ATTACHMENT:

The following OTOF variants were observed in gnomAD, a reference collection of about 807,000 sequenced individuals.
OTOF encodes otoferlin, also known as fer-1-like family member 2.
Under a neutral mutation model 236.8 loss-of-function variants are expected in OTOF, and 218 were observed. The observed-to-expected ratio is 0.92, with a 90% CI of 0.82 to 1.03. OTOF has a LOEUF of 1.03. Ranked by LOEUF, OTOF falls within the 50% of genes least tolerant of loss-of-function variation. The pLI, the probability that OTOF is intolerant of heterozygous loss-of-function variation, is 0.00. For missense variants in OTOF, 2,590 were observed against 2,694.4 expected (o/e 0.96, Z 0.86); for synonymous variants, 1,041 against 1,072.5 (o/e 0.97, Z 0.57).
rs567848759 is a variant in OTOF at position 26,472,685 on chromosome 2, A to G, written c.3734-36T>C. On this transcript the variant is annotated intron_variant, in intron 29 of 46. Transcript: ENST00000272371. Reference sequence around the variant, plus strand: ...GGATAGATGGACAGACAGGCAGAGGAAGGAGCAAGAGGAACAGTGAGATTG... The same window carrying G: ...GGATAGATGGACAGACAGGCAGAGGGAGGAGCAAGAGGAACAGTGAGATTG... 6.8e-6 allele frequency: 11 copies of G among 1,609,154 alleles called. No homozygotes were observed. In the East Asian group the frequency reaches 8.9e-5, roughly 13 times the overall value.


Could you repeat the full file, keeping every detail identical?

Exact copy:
The following OTOF variants were observed in gnomAD, a reference collection of about 807,000 sequenced individuals.
OTOF encodes otoferlin, also known as fer-1-like family member 2.
Under a neutral mutation model 236.8 loss-of-function variants are expected in OTOF, and 218 were observed. The observed-to-expected ratio is 0.92, with a 90% CI of 0.82 to 1.03. OTOF has a LOEUF of 1.03. Ranked by LOEUF, OTOF falls within the 50% of genes least tolerant of loss-of-function variation. The pLI, the probability that OTOF is intolerant of heterozygous loss-of-function variation, is 0.00. For missense variants in OTOF, 2,590 were observed against 2,694.4 expected (o/e 0.96, Z 0.86); for synonymous variants, 1,041 against 1,072.5 (o/e 0.97, Z 0.57).
rs567848759 is a variant in OTOF at position 26,472,685 on chromosome 2, A to G, written c.3734-36T>C. On this transcript the variant is annotated intron_variant, in intron 29 of 46. Transcript: ENST00000272371. Reference sequence around the variant, plus strand: ...GGATAGATGGACAGACAGGCAGAGGAAGGAGCAAGAGGAACAGTGAGATTG... The same window carrying G: ...GGATAGATGGACAGACAGGCAGAGGGAGGAGCAAGAGGAACAGTGAGATTG... 6.8e-6 allele frequency: 11 copies of G among 1,609,154 alleles called. No homozygotes were observed. In the East Asian group the frequency reaches 8.9e-5, roughly 13 times the overall value.